Practical Ecommerce

SEO: To Drive Shoppers, Let the Bots In

We rely on search engines to drive shoppers to our sites to purchase our products. Before the shoppers can come, however, you have to let the bots in.

It sounds more like science fiction than marketing, but everything in natural search depends upon search engines’ algorithms and their bots’ ability to collect information to feed into those algorithms.

Think of a bot as a friendly little spider — one of the other names we commonly give bots — that comes to your website and catalogs everything about it. That bot starts on one page, saves the code, identifies every link within that code, and sends the code home to its datacenter. Then it does the same for all of the pages that the first page linked to. It saves the code for each of the pages and identifies every page that each of them links to and moves on, and so on.

That’s a bot in its most basic form. All it does is collect information about a website, and every bot is capable of crawling basic HTML.

Think of a bot as a friendly little spider — one of the other names we commonly give bots — that comes to your website and catalogs everything about it.

Some bots can crawl and find links within more complex forms of code like navigational links embedded in some forms of JavaScript. Others can analyze a page as a browser renders it to identify areas to crawl or elements that could be spam for further review. New bots are in development every day to crawl more content, faster and better.

But all bots have their limits. If your content falls within those limits, your content does not get collected to be eligible for rankings. If your content is not collected for analysis by search algorithms, you will not receive natural search shoppers to that content.

Bots have to be able to collect something for it to appear in search rankings.

Content that can only be seen after a form is filled out will not get crawled. Don’t think you have form entry on your site? The navigation in some ecommerce sites is coded like a form: each link clicked is actually a form entry selected, like clicking a box or a radio button. Depending on how it was coded, it may or may not actually be crawlable.

Controlling Bots

We sometimes place barriers in web content deliberately. We love to try to control the bots — go here but not here; see this, don’t look at that; when you crawl here, the page you really want is here.

“Good” bots, such as those from the major search engines’ crawlers, respect something called the robots exclusion protocol. Exclusions you might hear about (i.e., disallows in the robots.txt file and meta robots noindex) fall into this category. Some exclusions are necessary — we wouldn’t want the bots in password-protected areas and we don’t want the duplicate content that nearly every ecommerce site has to hurt SEO performance.

But we can get carried away with exclusions and end up keeping the bots out of content that we actually need to have crawled, such as products that shoppers are searching for.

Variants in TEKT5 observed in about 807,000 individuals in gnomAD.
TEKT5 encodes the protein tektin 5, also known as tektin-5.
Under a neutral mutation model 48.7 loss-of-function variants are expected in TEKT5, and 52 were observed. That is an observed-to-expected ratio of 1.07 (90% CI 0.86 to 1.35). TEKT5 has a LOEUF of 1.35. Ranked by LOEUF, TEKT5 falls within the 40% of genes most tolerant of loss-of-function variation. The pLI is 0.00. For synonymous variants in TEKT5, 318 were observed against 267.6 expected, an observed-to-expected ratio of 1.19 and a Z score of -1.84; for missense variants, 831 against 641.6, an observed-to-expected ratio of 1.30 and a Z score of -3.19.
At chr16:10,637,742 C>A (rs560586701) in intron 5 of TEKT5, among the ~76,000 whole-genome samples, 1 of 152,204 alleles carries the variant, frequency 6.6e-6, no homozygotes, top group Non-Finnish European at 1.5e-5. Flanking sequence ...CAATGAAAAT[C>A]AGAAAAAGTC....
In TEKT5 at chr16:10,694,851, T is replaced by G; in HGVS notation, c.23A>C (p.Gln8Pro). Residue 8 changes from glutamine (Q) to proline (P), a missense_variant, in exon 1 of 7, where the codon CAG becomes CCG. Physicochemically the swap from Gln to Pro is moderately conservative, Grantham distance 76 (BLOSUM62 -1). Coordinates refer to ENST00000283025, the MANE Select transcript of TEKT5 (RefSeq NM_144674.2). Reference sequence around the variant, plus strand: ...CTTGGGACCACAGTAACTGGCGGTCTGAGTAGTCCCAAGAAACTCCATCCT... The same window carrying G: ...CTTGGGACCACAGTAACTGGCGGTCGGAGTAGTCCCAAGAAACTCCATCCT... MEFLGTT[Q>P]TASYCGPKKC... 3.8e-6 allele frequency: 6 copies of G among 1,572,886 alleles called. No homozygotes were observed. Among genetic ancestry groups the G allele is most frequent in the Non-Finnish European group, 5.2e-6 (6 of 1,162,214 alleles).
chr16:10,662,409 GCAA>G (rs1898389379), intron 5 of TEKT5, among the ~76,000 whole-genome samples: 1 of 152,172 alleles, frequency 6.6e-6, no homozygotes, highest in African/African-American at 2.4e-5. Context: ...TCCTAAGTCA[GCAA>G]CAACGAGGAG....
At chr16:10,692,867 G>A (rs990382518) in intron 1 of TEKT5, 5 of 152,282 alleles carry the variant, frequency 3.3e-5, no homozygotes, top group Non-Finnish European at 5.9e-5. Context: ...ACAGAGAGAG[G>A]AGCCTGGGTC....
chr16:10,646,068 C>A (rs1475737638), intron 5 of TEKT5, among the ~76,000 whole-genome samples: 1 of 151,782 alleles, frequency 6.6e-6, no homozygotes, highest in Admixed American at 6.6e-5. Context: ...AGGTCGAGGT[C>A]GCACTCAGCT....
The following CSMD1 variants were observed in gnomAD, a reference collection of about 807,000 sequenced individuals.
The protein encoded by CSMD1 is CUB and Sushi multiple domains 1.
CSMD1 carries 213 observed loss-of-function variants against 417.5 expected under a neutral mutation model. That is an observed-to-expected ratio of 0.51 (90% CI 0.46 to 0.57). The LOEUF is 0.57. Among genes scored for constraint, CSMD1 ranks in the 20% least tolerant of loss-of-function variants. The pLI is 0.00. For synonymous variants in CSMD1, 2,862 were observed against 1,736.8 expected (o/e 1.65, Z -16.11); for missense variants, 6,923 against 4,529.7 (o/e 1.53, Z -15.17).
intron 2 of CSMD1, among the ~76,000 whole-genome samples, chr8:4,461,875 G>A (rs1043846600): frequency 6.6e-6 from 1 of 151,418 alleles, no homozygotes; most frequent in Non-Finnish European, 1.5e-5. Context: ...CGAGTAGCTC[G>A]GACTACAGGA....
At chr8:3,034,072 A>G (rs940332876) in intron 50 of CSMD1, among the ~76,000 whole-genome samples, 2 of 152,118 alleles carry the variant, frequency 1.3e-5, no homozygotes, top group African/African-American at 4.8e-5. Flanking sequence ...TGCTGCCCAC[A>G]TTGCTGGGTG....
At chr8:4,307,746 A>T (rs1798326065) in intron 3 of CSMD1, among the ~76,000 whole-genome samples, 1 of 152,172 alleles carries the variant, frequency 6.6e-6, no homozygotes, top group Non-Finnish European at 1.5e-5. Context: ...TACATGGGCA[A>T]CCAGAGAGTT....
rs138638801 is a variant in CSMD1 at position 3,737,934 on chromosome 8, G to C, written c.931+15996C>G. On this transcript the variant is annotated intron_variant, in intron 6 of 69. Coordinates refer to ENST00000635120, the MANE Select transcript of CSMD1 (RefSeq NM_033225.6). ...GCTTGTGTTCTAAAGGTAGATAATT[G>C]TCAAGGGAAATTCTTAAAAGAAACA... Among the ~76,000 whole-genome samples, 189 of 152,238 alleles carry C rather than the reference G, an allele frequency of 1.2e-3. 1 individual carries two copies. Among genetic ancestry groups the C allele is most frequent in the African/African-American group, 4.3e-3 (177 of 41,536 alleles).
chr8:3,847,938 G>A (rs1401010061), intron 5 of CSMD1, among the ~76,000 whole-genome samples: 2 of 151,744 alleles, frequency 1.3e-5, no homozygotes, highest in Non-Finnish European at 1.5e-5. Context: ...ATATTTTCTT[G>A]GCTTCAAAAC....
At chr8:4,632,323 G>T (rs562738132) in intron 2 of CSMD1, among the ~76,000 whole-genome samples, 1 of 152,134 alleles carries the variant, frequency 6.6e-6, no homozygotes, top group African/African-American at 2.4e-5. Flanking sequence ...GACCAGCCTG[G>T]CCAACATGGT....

So how do you know whether you’re excluding the bots on your site? The answer, uncomfortably, is that unless you really know what you’re looking for in the code of the page, and you have the experience to determine how the bots have treated code like that in the past, you really don’t know. But you can tell for certain when you don’t have a problem, and that’s a good place to start.

Head to the natural-search entry-page report in your web analytics. Look for the absence of a type of URLs or page names. Are you getting natural search traffic to your category pages? How about the faceted navigation pages? Products? If you’re getting natural search traffic to multiple pages within a type of page, then you (almost certainly) don’t have a crawling or accidental robots exclusion issue there.

If you are missing natural search traffic to an entire segment of pages, you have a technical issue of some kind. Diagnosing that issue starts with bots and assessing whether the bots can access those pages.

No Bots, No Rank

SEO is conceptually simple: Performance is based on the central concepts of contextual relevance (what words say and mean) and authority (how many important sites link to your site to make it feel more important). For more about the central concepts of relevance and authority, read my recent article, “To Improve SEO, Understand How It Works.”  And always remember this: If the bots can’t crawl a site completely to feed into the algorithms, then that site can’t possibly rank well. In fact, it’s one of the first places to look when a site has a massive, widespread SEO performance issue.

In short, be aware of the abilities of the bots and the limitations that our own sites can accidentally put on them. That way we can open the floodgates to let bots in to collect the relevance and authority signals they need to send us shoppers.

Jill Kocher Brown

Jill Kocher Brown

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  1. Icah Ats November 7, 2016 Reply

    Awesome thank you very much really I like your post.

  2. Alex January 24, 2017 Reply

    Hi, Jill
    Thanks for the interesting read.
    I can agree on that crawler bots can sometimes be helpful for SEO, but I wouldn’t say that bot are a good thing per se.

    If you’re buying traffic from various sources (especially ad networks) bots can seriously mess up your analytics data and waste your advertising budgets. I’ve seen that happen quite a few times.
    That’s one of the reasons why device fingerprinting and tools like fraudhunt.net, Forensiq, Distil and SiftScience has become so popular these days